Nice try, Mr. POTUS … but you don’t have the authority to override governors. The president doesn’t have the authority even to order churches to open in the first place. That First Amendment matter protecting religion — along with the press — from government intrusion gets in the way.

This constant baiting of the media is getting tiresome and distressing in the extreme. The White House press secretary by all rights is supposed to build a healthy professional relationship with the men and women who cover the White House and report their findings to the public.

Insulting them, flinging childish rejoinders does no good.

McEnany, though, is appealing to Donald Trump’s “base,” which I am certain is a major part of the duty she assumed when she signed on as press flack.


Journalism takes another step toward irrelevance

It pains me to acknowledge this, but based on what I have just learned, daily print journalism — I am talking about newspapers — has taken another big step toward a dark hole of irrelevance.

The Providence Journal, Rhode Island’s largest newspaper, has announced it no longer will publish editorials. You know, those are the opinion pieces that represent the newspaper’s view on issues of the day.

Here is part of a letter that Journal executive editor Alan Rosenberg wrote to readers:

It’s a decision that we don’t make lightly. But it’s been coming for a long time…

[After the partisan newspapers of the 19th century,] most newspapers abandoned partisanship in their news pages, but kept the idea that they should speak out, in their editorials, on what they perceived as the best interests of their community and country.

But in doing so, they inadvertently undermined readers’ perception of a newspaper’s core mission: to report the news fairly. Our goal in news stories is always to learn, and reflect, the facts of a situation, then report them without bias. Reporters’ opinions, if they have them, have no place in our stories.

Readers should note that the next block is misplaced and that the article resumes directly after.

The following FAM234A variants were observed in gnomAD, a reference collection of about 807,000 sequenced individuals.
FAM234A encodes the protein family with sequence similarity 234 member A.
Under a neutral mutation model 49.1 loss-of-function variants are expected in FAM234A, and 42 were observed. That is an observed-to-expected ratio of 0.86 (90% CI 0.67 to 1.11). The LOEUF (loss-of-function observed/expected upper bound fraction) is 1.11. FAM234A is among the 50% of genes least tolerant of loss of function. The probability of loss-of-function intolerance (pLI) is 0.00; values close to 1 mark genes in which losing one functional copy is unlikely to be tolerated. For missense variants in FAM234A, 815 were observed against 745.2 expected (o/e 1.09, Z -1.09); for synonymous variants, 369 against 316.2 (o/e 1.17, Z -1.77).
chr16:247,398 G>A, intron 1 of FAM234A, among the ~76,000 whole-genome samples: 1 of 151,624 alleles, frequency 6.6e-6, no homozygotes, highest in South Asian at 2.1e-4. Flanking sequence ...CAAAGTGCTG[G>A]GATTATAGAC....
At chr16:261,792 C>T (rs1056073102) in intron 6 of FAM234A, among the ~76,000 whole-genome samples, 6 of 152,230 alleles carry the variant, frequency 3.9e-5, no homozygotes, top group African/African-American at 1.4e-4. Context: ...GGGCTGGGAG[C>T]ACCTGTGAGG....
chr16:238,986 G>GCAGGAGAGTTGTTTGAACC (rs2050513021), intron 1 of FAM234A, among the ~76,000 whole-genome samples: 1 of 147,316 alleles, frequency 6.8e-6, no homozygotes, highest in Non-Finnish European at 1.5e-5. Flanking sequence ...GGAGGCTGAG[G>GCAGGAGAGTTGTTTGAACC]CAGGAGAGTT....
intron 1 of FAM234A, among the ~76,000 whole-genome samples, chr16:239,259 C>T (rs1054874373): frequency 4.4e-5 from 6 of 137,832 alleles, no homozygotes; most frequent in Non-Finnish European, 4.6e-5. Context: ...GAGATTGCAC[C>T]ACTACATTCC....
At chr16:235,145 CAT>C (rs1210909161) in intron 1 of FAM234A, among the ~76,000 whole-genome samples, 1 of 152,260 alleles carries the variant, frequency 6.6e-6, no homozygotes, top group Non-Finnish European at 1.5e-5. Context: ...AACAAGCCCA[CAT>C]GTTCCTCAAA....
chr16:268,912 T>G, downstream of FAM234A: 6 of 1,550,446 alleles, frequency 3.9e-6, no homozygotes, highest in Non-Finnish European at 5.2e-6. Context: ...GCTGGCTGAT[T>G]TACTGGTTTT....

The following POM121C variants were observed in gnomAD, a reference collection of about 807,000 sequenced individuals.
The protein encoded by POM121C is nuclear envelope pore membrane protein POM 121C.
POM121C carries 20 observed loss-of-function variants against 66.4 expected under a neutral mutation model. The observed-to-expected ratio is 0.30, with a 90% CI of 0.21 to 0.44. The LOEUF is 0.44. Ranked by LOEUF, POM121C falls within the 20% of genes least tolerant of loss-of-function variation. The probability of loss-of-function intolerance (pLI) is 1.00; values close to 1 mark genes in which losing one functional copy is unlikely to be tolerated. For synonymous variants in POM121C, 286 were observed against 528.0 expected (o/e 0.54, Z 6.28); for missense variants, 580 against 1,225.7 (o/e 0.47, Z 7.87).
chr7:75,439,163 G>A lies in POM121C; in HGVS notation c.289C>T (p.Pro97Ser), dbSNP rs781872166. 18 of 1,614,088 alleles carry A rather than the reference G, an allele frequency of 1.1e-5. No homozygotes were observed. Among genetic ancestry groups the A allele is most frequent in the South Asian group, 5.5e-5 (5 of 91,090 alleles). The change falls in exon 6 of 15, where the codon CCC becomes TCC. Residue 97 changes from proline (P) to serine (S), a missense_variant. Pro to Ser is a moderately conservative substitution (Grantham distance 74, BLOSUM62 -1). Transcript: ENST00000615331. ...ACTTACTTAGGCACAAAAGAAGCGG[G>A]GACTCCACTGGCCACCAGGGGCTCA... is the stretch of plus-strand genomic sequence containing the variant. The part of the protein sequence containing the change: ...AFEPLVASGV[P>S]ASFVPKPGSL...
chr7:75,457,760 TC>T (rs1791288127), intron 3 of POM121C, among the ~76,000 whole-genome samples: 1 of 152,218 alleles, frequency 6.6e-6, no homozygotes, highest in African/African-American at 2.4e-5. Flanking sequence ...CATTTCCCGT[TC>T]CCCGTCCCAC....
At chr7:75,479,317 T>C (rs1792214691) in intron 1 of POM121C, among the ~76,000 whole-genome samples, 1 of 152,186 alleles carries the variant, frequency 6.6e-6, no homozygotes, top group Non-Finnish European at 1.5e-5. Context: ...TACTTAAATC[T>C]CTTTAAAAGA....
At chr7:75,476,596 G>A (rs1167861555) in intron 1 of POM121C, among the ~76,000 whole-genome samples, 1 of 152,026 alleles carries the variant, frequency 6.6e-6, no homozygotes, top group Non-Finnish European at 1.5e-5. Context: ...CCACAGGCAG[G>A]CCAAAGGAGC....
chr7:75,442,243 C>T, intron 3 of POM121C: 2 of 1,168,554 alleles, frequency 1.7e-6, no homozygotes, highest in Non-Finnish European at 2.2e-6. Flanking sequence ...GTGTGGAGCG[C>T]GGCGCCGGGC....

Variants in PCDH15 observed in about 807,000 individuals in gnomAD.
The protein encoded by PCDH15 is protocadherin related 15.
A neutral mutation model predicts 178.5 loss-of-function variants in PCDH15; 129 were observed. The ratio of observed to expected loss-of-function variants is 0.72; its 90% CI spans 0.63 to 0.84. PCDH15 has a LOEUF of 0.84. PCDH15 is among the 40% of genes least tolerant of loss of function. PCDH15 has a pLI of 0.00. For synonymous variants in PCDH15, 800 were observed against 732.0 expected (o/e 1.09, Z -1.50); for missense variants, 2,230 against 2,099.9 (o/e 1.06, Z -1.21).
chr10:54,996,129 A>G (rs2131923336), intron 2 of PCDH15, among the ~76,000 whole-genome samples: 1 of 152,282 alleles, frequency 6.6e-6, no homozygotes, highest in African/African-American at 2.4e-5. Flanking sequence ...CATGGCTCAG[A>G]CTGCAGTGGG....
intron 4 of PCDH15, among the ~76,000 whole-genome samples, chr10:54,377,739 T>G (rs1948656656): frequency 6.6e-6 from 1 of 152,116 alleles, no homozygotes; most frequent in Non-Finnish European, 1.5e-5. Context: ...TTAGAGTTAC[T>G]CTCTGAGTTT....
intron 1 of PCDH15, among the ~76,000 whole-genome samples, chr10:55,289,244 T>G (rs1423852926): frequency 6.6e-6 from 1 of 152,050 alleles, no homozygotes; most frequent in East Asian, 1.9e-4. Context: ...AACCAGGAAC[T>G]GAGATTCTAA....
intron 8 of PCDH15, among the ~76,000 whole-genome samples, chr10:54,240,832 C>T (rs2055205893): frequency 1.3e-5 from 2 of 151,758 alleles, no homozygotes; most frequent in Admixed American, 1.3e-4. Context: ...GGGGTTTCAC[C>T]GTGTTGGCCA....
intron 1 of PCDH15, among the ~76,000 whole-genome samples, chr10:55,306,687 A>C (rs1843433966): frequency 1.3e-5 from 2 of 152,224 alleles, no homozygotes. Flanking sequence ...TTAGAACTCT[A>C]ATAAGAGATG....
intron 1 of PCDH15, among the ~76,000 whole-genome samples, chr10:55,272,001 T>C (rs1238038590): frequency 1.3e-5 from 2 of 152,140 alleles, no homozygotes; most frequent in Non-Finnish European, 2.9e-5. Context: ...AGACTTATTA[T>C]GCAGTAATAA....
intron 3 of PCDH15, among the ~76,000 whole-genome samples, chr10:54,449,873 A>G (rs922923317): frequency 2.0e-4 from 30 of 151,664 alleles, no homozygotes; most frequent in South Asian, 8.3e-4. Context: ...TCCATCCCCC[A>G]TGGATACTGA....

But when the newspaper itself expresses opinions on those same subjects, it causes understandable confusion. Readers wonder: Can reporters really do their work without trying to reflect the views expressed in their employers’ name? Can they cast a skeptical eye on a politician their paper has endorsed, or a generous eye on one it has opposed?

The answer is a definite “yes” — but my email since I became executive editor shows that many just don’t buy it.

The Providence Journal is owned by Gannett Corp. What we have here is a display in gutlessness. It is a shameful capitulation to the forces that are slowly but inexorably making daily newspapers irrelevant in the lives of thinking Americans.

I spent the vast bulk of my 36 years in journalism writing editorials and editing opinion pages. We once were committed to providing leadership to communities that used to look for some semblance of guidance from their newspapers. Sure, we had that argument with readers that Rosenberg mentioned about whether news coverage was influenced by newspapers’ editorial policy.

This news out of Providence, R.I., saddens me terribly. It well might get even worse for readers of the last newspaper where I worked on my professional journey, the Amarillo Globe-News. Gannett owns the Globe-News and Gannett has become a cost-cutting master in this era of declining subscribership and advertising.

I hate saying it … but I fear the end of daily journalism in Amarillo, Texas, might be at hand.